A mechanism that might cause HPV to become undetectable by standard PCR assays is the integration of HPV DNA in the host cell genome in HPV‐positive tissue. Integration of HPV results in the interruption of HPV DNA in the early region of the genome.25 Nevertheless, previous studies performed on cervical carcinoma in The Netherlands indicate that this mechanism plays only a minor role.26 The pathogenesis of HPV infections might also support that HPV is not associated with pterygium. HPV infections are confined to the keratinocytes of the skin and mucosal surfaces.27 Therefore, the virus is highly adapted to this cell type and productive HPV infection is unlikely to occur in any other tissue types.27 Additionally, epidemiological data of pterygium prevalence and HPV infection contradict. The prevalence of pterygium increases linearly with age,3,4 whereas HPV infection is predominantly seen among younger people in their 20s and 30s.28 However, in recent years, new types of skin HPV have been identified and are more common than considered previously. These observations indicate that there is a reservoir of superficially located virus on the skin.29 Perhaps the different HPV frequencies in geographically distinct populations reflect that pterygium is a multifactorial disease resulting from a non‐specific response to various different insults. A number of proinflammatory cytokines, angiogenic and fibrogenic growth factors and their receptors have been reported in pterygium, which parallels their involvement in the corneal wound‐healing cascade.30,31 In particular, basic‐fibroblast growth factor, matrix metalloproteinases, vascular endothelial growth factor and heparin‐binding epidermal growth factor are over‐expressed in pterygium and, furthermore, directly or indirectly, induced by UV light.5,31 It has recently been shown that key proinflammatory cytokines and growth factors are modulated by exposure to UV light through intracellular pathways, which supports the role of cumulative UV damage in pterygium formation.31 Other postulated causative agents of this process include herpes virus23 and factors that cause repeated insults to the interpalpebral corneoscleral junction (eg, dust and wind exposure).1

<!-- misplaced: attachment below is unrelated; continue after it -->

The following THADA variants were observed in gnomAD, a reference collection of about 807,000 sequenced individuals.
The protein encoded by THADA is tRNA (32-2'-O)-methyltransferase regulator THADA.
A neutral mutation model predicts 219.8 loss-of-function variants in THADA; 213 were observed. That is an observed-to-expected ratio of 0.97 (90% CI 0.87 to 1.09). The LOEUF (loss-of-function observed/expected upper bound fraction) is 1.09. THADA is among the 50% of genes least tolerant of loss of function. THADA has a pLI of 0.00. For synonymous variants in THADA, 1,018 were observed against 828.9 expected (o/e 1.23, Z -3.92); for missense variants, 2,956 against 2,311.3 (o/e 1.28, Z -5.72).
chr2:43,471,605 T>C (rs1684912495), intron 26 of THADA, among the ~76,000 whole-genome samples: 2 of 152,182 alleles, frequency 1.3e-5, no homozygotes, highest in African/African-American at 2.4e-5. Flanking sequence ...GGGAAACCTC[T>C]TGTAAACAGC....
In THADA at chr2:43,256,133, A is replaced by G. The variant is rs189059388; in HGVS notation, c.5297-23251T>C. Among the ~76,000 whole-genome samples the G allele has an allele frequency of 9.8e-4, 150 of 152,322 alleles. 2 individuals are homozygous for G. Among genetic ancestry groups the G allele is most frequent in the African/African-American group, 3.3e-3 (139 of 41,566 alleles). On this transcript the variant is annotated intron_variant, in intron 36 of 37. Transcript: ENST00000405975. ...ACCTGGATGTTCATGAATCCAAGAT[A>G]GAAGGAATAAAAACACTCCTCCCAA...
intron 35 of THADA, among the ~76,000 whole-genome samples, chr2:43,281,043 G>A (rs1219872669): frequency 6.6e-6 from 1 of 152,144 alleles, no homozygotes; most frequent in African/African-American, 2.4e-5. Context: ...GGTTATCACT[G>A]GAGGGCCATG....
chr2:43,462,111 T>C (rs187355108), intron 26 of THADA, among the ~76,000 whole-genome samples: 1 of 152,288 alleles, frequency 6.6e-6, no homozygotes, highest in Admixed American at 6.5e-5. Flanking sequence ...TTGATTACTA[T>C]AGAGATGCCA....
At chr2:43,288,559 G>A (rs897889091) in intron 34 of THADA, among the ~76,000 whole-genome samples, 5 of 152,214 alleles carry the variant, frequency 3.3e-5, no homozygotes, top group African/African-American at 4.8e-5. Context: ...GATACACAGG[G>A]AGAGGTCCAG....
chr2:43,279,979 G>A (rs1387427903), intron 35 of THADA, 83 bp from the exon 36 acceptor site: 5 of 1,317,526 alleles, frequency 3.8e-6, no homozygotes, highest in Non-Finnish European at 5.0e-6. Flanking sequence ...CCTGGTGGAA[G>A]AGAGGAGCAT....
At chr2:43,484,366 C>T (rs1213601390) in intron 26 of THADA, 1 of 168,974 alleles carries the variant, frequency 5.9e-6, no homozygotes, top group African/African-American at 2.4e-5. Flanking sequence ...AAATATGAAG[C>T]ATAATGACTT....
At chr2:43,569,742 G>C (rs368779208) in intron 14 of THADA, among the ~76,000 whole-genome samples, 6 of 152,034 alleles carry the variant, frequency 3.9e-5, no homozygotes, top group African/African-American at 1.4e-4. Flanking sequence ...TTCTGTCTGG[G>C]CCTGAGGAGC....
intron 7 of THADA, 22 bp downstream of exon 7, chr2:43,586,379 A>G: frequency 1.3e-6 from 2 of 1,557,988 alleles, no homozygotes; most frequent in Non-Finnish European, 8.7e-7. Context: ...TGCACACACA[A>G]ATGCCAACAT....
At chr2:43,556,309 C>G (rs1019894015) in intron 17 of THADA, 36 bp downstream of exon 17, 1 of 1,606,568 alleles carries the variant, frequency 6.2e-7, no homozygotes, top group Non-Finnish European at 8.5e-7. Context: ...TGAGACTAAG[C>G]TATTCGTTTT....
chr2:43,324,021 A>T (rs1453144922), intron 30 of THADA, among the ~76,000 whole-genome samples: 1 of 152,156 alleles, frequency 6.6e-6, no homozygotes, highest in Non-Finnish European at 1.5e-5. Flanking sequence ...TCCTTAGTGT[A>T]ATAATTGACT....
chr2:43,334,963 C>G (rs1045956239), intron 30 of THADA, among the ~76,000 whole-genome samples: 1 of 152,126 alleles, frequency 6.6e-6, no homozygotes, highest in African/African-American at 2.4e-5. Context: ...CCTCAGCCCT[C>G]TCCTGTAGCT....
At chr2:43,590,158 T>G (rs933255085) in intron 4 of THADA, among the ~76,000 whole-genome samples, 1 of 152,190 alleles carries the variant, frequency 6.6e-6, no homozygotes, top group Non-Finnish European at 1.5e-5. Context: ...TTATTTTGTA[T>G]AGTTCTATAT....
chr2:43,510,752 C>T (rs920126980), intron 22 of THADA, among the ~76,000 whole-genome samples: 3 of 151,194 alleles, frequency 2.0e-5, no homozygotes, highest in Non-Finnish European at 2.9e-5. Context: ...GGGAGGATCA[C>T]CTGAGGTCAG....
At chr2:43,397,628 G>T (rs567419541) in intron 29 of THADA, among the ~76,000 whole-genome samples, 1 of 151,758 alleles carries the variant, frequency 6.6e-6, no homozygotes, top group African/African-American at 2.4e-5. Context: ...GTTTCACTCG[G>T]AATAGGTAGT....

In conclusion, our finding of the very limited presence of HPV DNA in pterygium does not support the hypothesis that HPV is involved in the development of pterygium in Denmark. The geographical variance in the proportion of HPV‐positive pterygium may reflect that pterygium is a multifactorial disease.
Landsforeningen Værn om Synet; The John and Birte Meyer Foundation; Betzy, Dagny og Caja Bojesens Mindefond; Synoptik Fonden; The Danish Eye Research Foundation and Michaelsen Fonden supported this study.
HPV - human papillomavirus
ISH - in situ hybridisation
UV - ultraviolet
Competing interests: None declared.